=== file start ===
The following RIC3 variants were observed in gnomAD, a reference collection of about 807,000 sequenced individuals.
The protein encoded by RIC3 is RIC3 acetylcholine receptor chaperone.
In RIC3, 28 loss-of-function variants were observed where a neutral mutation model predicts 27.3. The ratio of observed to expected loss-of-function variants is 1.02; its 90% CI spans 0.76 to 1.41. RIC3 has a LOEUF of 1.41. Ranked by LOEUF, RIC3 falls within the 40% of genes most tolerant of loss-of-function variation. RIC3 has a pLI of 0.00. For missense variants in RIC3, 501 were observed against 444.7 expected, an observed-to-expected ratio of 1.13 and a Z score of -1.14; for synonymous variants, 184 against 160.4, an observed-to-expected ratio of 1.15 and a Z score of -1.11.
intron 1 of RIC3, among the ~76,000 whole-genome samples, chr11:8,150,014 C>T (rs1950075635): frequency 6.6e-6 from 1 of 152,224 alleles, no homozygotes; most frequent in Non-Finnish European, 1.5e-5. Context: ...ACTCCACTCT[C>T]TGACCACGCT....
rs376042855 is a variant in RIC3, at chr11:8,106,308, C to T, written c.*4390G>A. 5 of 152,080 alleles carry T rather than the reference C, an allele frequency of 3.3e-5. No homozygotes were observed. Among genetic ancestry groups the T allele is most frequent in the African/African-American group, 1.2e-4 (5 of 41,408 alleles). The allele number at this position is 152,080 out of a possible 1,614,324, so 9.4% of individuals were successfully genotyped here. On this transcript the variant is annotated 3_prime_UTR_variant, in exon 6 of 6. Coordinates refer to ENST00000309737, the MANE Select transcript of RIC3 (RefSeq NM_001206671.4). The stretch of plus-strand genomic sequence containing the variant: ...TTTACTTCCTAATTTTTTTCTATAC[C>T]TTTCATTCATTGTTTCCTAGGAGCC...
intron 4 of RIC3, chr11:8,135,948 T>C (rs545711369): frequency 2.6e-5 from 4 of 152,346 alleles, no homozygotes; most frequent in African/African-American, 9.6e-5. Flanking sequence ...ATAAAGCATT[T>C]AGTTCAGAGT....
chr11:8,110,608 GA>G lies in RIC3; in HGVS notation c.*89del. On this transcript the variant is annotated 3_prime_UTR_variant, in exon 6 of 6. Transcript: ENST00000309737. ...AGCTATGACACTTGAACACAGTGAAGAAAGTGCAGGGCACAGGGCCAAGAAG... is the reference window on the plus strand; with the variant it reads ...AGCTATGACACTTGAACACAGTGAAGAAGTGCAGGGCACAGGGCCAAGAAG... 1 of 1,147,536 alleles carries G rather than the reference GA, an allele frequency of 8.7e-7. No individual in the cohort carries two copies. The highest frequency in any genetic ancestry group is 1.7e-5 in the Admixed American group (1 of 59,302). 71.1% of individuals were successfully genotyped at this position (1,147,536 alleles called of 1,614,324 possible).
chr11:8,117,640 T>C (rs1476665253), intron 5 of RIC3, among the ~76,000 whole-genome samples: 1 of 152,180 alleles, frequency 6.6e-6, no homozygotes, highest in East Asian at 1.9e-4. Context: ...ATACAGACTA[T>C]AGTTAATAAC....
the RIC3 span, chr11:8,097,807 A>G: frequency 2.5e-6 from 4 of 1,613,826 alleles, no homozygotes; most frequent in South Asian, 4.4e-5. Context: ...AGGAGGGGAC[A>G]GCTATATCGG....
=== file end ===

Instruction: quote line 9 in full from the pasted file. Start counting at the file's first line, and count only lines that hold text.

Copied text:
the RIC3 span, chr11:8,097,807 A>G: frequency 2.5e-6 from 4 of 1,613,826 alleles, no homozygotes; most frequent in South Asian, 4.4e-5. Context: ...AGGAGGGGAC[A>G]GCTATATCGG....